A musical interlude, brought to you by the didgeridoo

Outback's second and final album.  Used copies can still be found on Amazon.com and likely elsewhere.

Outback’s second and final album. MP3 versions and used CDs can still be found on Amazon.com and likely elsewhere.

Maybe the fact that I’m headed to Australia in another six months made me more open to the musical wonders of the didgeridoo, but I’ve definitely become a fan after hearing Outback’s “An Dro Nevez” on the internet station Radio Paradise in April.

I immediately bought what turned out to be the only two albums Outback ever produced, and they were a bargain — both were used CDs purchased on Amazon.com, and they cost more in shipping (about $3 each) than I paid for the discs themselves. I’ve been wearing them out since, as I find them both interesting enough to listen to but relaxing and unobtrusive enough to be good working music (at least one friend has called Outback repetitive, which I get, but I think it’s great stuff).

Baka, Outback’s first album, was No. 1 on Billboard’s world music chart. Despite its clear Australian ties and influences, Outback can’t really be called “Australian,” although the didgeridoo itself (also spelled “didjeridu”) is an invention of Australia’s Aborigines.

Outback was formed in 1988 by Graham Wiggins and Martin Craddick.  As is often the case, the history of these musicians and their various bands is quite varied and interesting, but perhaps moreso because Wiggins started inventing his own forms of the didgeridoo while a graduate student in physics — a field in which he earned a doctoral degree from Oxford.

After Outback broke up in 1992, Wiggins begain performing as Dr. Didg.  He’s almost certainly the only guy to ever play with the Grateful Dead (you can hear the session at the linked site) and reach an equal pinnacle of success in scientific fields — radio-frequency engineering and magnetic imaging. He’s currently a senior researcher for the Center for Advanced Imaging Innovation and Research in New York City.

Outback's first album was a world-music hit.

Outback’s first album was a world-music hit.

Some of his work can still be found on Soundcloud, including Serotonality (a piece that gives some indication of why he probably was invited to play with the Dead). His web site, Wikipedia bio and Facebook page seem to indicate he no longer plays professionally.

I’ll write more later on the didgeridoo and, I hope, Dr. Didg, as I’ve been learning a bit more about the instrument and expect it and other aspects of Australian music will be a big part of my Winterim 2015-16 COMM 373 course.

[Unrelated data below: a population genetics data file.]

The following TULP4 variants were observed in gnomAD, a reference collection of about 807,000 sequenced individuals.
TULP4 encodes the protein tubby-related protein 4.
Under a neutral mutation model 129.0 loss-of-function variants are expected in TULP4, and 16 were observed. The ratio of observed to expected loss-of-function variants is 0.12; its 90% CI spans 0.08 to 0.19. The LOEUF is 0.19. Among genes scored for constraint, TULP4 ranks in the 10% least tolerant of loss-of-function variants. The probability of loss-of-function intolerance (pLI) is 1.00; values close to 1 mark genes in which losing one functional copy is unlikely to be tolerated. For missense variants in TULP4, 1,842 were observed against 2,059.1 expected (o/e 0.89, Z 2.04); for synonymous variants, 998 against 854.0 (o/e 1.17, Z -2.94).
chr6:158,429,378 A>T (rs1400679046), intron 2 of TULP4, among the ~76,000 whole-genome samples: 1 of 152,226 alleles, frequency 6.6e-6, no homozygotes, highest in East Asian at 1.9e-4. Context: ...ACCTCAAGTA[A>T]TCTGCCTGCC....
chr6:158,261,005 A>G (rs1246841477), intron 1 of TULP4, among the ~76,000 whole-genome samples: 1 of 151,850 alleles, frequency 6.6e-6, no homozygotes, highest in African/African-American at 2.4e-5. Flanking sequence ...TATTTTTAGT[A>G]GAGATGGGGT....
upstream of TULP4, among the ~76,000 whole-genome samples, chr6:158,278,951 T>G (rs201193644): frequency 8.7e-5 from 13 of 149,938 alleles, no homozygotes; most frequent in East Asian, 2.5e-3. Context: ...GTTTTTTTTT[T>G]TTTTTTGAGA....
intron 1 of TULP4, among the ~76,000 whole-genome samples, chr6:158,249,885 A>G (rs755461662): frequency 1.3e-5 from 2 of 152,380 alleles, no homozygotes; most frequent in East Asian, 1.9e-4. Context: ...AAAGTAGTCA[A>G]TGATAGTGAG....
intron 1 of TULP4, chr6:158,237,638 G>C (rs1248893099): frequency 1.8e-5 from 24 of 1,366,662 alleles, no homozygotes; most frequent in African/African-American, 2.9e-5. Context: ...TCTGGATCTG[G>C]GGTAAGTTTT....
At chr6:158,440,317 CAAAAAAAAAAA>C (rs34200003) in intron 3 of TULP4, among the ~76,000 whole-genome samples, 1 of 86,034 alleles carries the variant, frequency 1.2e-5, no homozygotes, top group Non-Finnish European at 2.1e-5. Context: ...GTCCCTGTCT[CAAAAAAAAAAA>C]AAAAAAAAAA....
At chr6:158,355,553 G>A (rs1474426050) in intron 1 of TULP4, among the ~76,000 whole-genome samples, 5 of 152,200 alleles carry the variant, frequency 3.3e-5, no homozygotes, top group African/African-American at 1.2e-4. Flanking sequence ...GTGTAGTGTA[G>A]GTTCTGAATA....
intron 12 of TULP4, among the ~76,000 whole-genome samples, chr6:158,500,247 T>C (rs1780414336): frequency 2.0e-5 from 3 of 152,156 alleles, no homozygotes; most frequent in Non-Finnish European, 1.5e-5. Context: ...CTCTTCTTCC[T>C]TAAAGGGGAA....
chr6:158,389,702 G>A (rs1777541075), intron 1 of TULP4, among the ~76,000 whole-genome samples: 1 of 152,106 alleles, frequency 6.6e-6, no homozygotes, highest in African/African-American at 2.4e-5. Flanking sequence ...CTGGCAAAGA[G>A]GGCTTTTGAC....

For now, I’ll leave readers with another YouTube version of the same song linked at the beginning of this post.  Half the fun of music is listening to — or watching — different presentations of the same stuff, so here’s another video featuring the same musical version of “An Dro Nevez” and some nice footage of a couple of guys riding through the Australian outback with Ural motorcycles and sidecars. (Never heard of Urals?  Me neither).


Closing of Aboriginal communities drawing worldwide attention


Click here to go to the Facebook page “Stop the Forced Closure of Aboriginal Communities in Australia”

As we prepare for our winterim trip to Sydney, we’ll examine more news like this.  A story this morning in USA Today on the potential closure of up to 150 Aboriginal communities in Western Australia is part of a steady worldwide stream of  articles and stories about this issue.

The official government stance is that this is an issue of expense, but Aboriginal rights groups, independent and liberal media, and others are suggesting could be related to international interest in uranium and other mining.  Critics, such as Natalie Cromb in this Independent Australia piece, call the government “puppets for multinational corporations.”

There is, of course, an activist Facebook page related to this issue, and I’ll be following it as part of my effort to keep updated on this issue (along with more mainstream media).

Clearly, this is a complex issue, and I’ve just begun to search out information myself.  Given that our course, COMM 373, is entitled “Communication and Social Change,” issues such as this will clearly be worth following over the next few months.

Here are a few links to international media stories about the potential closures:

I was hoping to find something from China Daily, but the best I could get was a paywalled version of the Agence Presse-France report linked above.

Watch my blog for more Australian news and updates on this story.

Thanks to Professor Mark Tolstedt, coordinator of the Australia winterim program, for sending the link today to the USA Today story.